Bonnie Wheeler, English/Medieval Studies, Dedman College, spoke in the Conference of Historical Journals at the American Historical Association’s 2009 meeting in January. Her lecture on emerging challenges to the identities of traditional humanities journals was covered by The Chronicle of Higher Education in an article published in the March 27, 2009 issue. She is editor of the journal Arthuriana and president of the Council of Editors of Learned Journals.
Cody Meador, a rising senior political science major in Dedman College, has been selected as SMU’s 2009-10 Presidential Fellow to the Center for the Study of the Presidency and Congress in Washington, D.C. The University names one Fellow each year who attends two conferences in Washington and writes a policy paper for the Center. Read Cody’s summer 2008 service blog at SMU’s Student Adventures site.
Ben Manthey, a graduating senior history major and Chinese minor in Dedman College, has received a 2009-10 Fellowship to the Princeton in Asia Program. He will spend the academic year in Beijing. Founded in 1898, Princeton in Asia’s mission is to foster cross-cultural understanding between Asians and Americans by giving young people opportunities to live and work in Asia. Read Ben’s spring 2008 China blog at SMU’s Student Adventures site.
SMU’s Cary M. Maguire Center for Ethics and Public Responsibility has announced the recipients of its 2009-10 Maguire Teaching Fellow awards:
• Patricia Davis, director of pastoral leadership and adjunct professor of pastoral care and leadership in Perkins School of Theology, will design a course entitled “Ethical Dilemmas in Pastoral Leadership.”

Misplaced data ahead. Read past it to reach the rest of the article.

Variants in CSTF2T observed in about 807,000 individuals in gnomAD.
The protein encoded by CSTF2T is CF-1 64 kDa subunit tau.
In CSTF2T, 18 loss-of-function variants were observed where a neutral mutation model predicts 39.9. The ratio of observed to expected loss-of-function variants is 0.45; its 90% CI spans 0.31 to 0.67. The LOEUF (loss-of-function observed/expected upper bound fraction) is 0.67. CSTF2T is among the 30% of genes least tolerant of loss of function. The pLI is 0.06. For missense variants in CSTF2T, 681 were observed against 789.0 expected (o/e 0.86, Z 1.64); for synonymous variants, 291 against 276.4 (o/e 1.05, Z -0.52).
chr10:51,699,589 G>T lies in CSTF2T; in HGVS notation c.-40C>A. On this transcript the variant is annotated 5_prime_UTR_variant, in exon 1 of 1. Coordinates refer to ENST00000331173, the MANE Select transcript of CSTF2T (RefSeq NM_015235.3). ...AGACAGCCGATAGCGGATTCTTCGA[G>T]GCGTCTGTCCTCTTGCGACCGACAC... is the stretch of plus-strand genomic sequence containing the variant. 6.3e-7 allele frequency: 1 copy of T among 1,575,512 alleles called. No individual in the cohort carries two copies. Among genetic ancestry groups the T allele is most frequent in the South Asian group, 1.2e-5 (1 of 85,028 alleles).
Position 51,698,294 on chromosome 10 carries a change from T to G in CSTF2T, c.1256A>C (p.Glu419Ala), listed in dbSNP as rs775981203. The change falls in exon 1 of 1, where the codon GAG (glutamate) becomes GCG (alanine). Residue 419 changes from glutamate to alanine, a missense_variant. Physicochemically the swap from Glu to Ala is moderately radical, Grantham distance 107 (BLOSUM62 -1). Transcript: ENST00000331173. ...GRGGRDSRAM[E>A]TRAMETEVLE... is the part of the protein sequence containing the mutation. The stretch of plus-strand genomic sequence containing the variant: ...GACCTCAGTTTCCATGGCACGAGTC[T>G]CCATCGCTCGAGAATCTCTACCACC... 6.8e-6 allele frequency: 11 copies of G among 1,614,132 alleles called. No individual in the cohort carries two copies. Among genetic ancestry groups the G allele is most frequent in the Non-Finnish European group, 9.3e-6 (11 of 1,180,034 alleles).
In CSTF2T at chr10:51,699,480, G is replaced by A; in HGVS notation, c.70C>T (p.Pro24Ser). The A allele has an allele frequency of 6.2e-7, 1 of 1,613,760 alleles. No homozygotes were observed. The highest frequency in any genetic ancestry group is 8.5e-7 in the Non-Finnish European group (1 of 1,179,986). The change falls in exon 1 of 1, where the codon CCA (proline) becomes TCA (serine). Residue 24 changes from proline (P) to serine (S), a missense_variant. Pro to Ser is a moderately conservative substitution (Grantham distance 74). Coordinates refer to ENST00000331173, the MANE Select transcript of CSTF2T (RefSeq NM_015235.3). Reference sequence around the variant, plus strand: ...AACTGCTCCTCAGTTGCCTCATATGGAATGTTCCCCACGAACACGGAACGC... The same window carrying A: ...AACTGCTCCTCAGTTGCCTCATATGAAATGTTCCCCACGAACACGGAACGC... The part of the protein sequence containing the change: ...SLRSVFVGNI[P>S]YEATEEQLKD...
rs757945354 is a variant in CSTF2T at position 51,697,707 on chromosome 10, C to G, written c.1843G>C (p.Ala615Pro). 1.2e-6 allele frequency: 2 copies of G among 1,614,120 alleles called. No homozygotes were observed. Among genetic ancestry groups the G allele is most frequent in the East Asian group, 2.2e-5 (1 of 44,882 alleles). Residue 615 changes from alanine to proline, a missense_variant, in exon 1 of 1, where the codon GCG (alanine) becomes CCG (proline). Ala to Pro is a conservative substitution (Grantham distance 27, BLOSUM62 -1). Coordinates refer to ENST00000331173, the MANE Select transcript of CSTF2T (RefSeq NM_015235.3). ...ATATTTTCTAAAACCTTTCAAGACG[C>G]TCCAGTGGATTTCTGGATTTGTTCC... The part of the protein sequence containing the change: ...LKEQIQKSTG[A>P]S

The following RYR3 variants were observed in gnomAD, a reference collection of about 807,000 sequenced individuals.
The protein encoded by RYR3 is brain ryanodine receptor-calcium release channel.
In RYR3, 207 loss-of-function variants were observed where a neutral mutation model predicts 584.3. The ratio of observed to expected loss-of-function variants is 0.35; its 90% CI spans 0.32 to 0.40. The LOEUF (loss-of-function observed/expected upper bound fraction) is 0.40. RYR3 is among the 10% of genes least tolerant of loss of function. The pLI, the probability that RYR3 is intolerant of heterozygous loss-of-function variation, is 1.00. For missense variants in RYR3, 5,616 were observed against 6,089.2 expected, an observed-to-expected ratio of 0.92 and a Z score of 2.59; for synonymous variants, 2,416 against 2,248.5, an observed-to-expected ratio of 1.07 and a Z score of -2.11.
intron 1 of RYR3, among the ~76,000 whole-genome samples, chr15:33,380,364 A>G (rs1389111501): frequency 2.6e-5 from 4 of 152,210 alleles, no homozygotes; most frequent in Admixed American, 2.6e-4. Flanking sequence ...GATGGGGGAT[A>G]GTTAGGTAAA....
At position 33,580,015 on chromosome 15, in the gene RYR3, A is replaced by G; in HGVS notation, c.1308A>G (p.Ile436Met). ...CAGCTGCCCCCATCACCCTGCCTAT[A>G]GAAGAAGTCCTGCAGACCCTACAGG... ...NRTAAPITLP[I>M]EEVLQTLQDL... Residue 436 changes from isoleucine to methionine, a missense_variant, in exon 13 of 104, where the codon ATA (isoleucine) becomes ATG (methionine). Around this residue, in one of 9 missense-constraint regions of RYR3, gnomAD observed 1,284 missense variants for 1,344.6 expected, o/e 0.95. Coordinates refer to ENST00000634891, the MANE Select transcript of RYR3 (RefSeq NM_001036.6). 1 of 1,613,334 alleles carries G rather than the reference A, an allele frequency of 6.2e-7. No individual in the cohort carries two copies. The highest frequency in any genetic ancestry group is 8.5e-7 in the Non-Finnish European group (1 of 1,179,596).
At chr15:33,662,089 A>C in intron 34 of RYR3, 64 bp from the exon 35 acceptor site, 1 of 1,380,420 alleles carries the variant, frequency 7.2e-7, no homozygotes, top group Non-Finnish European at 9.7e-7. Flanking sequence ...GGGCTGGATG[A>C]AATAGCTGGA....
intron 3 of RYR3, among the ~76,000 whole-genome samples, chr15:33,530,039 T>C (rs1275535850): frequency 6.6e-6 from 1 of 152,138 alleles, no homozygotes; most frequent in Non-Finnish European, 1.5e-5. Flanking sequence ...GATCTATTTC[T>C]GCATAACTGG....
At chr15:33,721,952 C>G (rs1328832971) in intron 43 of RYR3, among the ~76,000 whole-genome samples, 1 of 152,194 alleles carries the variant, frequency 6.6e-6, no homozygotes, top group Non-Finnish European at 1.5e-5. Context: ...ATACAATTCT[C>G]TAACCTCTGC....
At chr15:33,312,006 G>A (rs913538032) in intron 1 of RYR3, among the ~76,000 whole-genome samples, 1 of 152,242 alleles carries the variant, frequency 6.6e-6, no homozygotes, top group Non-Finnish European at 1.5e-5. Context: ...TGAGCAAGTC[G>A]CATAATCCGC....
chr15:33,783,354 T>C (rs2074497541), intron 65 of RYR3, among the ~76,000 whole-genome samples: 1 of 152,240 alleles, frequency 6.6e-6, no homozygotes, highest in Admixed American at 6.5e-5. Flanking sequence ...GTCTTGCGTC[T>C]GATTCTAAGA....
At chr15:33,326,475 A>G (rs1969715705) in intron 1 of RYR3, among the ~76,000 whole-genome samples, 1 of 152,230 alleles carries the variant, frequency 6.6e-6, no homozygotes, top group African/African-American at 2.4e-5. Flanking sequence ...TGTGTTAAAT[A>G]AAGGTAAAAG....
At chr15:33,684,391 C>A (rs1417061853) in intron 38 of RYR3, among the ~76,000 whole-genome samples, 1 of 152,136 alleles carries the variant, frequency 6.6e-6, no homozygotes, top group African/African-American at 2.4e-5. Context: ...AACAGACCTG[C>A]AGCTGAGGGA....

• Renee McDonald, co-director of the SMU Family Research Center and associate professor of psychology in Dedman College, will design an “Ethics in Psychology” course.
Each year, the Maguire Center offers $3,000 grants to professors who develop a new course relating to ethics, or who add an ethical dimension to an existing course. The Center begins taking applications during the fall term. For more information, contact Terri Gwinn, 214-768-2162.
Amanda Aland, a graduate student in archaeology in SMU’s Dedman College of Humanities and Sciences, has received a prestigious Fulbright U.S. Student fellowship to conduct archaeological fieldwork and research in Peru.
In March 2009, Aland returns to a site on Peru’s northern coast, called Santa Rita B, where she spent several months last year excavating with the support of a National Science Foundation grant.
There, she and students under her direction unearthed evidence that the Incas had left their mark after conquering the region’s Chimú empire in the 15th century.
“We found Chimú pottery and architecture that show Inca influences,” she says, in addition to centuries-old animal matter and human remains.
During her 10-month Fulbright fellowship, Aland hopes to learn the extent of the Incas’ influence on the Chimú people through further excavation and laboratory analysis of her findings. “We want to piece together how the two empires interacted,” she says. “Did they go to war, or make peace living under new rules? We always can learn from the past.”
Aland, a Dallas native, earned a Bachelor’s degree in Spanish from the University of Southern California in 2004. At SMU, she has studied archaeological theory, methods and grant writing while directing summer field research in Peru. She earned her Master’s degree in anthropology from the University in 2006. (Above, a Chimú ceramic lizard from the Santa Rita B site.)
• Read more from SMU News
• See a slide show from Santa Rita B in Peru